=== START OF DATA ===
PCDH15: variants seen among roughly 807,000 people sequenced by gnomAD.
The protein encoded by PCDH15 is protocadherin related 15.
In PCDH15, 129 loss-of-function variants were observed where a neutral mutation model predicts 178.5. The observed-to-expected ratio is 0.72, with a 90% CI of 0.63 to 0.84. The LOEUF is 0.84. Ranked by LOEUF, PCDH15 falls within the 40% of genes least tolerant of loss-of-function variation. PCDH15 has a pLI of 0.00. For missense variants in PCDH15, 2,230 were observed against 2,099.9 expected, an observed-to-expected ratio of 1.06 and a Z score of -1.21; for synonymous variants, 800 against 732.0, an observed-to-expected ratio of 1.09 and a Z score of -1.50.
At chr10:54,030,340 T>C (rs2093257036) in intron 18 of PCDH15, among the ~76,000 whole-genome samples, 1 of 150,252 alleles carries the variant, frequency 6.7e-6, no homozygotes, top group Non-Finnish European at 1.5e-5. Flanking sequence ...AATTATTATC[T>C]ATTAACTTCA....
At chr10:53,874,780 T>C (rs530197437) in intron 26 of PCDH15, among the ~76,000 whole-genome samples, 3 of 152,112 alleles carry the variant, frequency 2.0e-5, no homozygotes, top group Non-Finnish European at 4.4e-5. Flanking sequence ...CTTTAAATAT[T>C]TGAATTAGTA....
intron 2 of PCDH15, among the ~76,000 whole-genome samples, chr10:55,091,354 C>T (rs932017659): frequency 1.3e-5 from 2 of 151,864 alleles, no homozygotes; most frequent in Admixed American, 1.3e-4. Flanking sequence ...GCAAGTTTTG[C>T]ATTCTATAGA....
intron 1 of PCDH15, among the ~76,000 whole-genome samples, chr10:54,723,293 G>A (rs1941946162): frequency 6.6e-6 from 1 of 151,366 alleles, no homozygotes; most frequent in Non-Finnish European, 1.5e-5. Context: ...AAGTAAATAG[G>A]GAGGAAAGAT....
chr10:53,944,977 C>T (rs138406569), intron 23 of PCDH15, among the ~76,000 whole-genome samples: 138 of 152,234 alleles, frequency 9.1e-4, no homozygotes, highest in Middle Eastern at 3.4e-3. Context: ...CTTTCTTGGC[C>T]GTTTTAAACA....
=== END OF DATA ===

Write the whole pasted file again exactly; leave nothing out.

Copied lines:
PCDH15: variants seen among roughly 807,000 people sequenced by gnomAD.
The protein encoded by PCDH15 is protocadherin related 15.
In PCDH15, 129 loss-of-function variants were observed where a neutral mutation model predicts 178.5. The observed-to-expected ratio is 0.72, with a 90% CI of 0.63 to 0.84. The LOEUF is 0.84. Ranked by LOEUF, PCDH15 falls within the 40% of genes least tolerant of loss-of-function variation. PCDH15 has a pLI of 0.00. For missense variants in PCDH15, 2,230 were observed against 2,099.9 expected, an observed-to-expected ratio of 1.06 and a Z score of -1.21; for synonymous variants, 800 against 732.0, an observed-to-expected ratio of 1.09 and a Z score of -1.50.
At chr10:54,030,340 T>C (rs2093257036) in intron 18 of PCDH15, among the ~76,000 whole-genome samples, 1 of 150,252 alleles carries the variant, frequency 6.7e-6, no homozygotes, top group Non-Finnish European at 1.5e-5. Flanking sequence ...AATTATTATC[T>C]ATTAACTTCA....
At chr10:53,874,780 T>C (rs530197437) in intron 26 of PCDH15, among the ~76,000 whole-genome samples, 3 of 152,112 alleles carry the variant, frequency 2.0e-5, no homozygotes, top group Non-Finnish European at 4.4e-5. Flanking sequence ...CTTTAAATAT[T>C]TGAATTAGTA....
intron 2 of PCDH15, among the ~76,000 whole-genome samples, chr10:55,091,354 C>T (rs932017659): frequency 1.3e-5 from 2 of 151,864 alleles, no homozygotes; most frequent in Admixed American, 1.3e-4. Flanking sequence ...GCAAGTTTTG[C>T]ATTCTATAGA....
intron 1 of PCDH15, among the ~76,000 whole-genome samples, chr10:54,723,293 G>A (rs1941946162): frequency 6.6e-6 from 1 of 151,366 alleles, no homozygotes; most frequent in Non-Finnish European, 1.5e-5. Context: ...AAGTAAATAG[G>A]GAGGAAAGAT....
chr10:53,944,977 C>T (rs138406569), intron 23 of PCDH15, among the ~76,000 whole-genome samples: 138 of 152,234 alleles, frequency 9.1e-4, no homozygotes, highest in Middle Eastern at 3.4e-3. Context: ...CTTTCTTGGC[C>T]GTTTTAAACA....